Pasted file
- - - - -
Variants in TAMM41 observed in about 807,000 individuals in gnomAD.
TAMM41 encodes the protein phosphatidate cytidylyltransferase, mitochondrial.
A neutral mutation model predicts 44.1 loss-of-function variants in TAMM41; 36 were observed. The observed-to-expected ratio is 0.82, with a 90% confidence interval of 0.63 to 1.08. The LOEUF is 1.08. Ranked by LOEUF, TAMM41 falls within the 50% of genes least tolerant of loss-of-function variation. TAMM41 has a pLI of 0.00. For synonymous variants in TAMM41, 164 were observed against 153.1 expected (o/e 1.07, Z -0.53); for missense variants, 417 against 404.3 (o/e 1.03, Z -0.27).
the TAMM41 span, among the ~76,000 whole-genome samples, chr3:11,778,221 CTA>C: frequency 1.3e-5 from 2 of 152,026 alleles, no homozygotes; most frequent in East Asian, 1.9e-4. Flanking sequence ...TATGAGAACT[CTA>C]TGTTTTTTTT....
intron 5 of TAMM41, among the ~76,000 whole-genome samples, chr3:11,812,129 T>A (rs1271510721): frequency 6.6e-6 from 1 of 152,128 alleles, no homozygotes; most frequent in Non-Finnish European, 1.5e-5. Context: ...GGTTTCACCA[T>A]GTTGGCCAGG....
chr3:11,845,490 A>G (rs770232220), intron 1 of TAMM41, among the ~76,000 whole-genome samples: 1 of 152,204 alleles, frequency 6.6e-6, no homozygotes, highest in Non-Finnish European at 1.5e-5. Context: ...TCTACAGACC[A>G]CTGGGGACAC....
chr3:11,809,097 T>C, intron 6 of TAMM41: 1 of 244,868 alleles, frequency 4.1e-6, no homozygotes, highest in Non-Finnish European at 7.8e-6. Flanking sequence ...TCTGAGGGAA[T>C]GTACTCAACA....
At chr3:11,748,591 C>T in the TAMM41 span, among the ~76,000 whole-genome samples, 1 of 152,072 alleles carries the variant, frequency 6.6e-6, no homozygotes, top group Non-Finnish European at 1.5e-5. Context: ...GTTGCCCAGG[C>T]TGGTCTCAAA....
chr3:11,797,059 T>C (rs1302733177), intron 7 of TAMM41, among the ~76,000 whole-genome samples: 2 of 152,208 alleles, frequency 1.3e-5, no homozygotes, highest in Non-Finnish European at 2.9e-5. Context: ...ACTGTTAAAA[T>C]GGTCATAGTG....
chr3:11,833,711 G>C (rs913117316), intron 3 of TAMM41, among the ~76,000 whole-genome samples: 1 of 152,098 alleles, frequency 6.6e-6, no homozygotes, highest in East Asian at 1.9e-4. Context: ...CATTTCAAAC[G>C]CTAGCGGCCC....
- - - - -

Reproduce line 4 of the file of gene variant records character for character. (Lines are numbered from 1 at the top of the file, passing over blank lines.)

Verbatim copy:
the TAMM41 span, among the ~76,000 whole-genome samples, chr3:11,778,221 CTA>C: frequency 1.3e-5 from 2 of 152,026 alleles, no homozygotes; most frequent in East Asian, 1.9e-4. Flanking sequence ...TATGAGAACT[CTA>C]TGTTTTTTTT....